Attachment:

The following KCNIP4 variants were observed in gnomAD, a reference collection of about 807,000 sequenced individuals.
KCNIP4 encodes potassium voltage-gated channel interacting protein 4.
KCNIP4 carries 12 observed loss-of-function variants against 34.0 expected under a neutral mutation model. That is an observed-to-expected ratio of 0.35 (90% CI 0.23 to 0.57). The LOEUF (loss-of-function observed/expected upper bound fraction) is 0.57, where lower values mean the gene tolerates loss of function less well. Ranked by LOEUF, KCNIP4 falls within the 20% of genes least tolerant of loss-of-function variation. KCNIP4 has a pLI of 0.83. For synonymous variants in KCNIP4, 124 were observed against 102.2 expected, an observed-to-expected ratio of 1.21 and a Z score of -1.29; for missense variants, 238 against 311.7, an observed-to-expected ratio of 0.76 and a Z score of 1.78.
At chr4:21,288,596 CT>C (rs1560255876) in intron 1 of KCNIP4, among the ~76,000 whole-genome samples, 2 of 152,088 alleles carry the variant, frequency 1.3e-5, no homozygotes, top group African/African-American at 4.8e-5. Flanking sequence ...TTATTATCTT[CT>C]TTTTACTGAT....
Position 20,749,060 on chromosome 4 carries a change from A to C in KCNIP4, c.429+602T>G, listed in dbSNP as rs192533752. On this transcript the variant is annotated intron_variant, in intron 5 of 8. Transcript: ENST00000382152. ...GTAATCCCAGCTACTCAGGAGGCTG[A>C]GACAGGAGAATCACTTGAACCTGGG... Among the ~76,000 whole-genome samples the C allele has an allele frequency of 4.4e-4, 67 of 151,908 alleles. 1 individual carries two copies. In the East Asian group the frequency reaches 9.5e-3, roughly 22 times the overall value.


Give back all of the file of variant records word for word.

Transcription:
The following KCNIP4 variants were observed in gnomAD, a reference collection of about 807,000 sequenced individuals.
KCNIP4 encodes potassium voltage-gated channel interacting protein 4.
KCNIP4 carries 12 observed loss-of-function variants against 34.0 expected under a neutral mutation model. That is an observed-to-expected ratio of 0.35 (90% CI 0.23 to 0.57). The LOEUF (loss-of-function observed/expected upper bound fraction) is 0.57, where lower values mean the gene tolerates loss of function less well. Ranked by LOEUF, KCNIP4 falls within the 20% of genes least tolerant of loss-of-function variation. KCNIP4 has a pLI of 0.83. For synonymous variants in KCNIP4, 124 were observed against 102.2 expected, an observed-to-expected ratio of 1.21 and a Z score of -1.29; for missense variants, 238 against 311.7, an observed-to-expected ratio of 0.76 and a Z score of 1.78.
At chr4:21,288,596 CT>C (rs1560255876) in intron 1 of KCNIP4, among the ~76,000 whole-genome samples, 2 of 152,088 alleles carry the variant, frequency 1.3e-5, no homozygotes, top group African/African-American at 4.8e-5. Flanking sequence ...TTATTATCTT[CT>C]TTTTACTGAT....
Position 20,749,060 on chromosome 4 carries a change from A to C in KCNIP4, c.429+602T>G, listed in dbSNP as rs192533752. On this transcript the variant is annotated intron_variant, in intron 5 of 8. Transcript: ENST00000382152. ...GTAATCCCAGCTACTCAGGAGGCTG[A>C]GACAGGAGAATCACTTGAACCTGGG... Among the ~76,000 whole-genome samples the C allele has an allele frequency of 4.4e-4, 67 of 151,908 alleles. 1 individual carries two copies. In the East Asian group the frequency reaches 9.5e-3, roughly 22 times the overall value.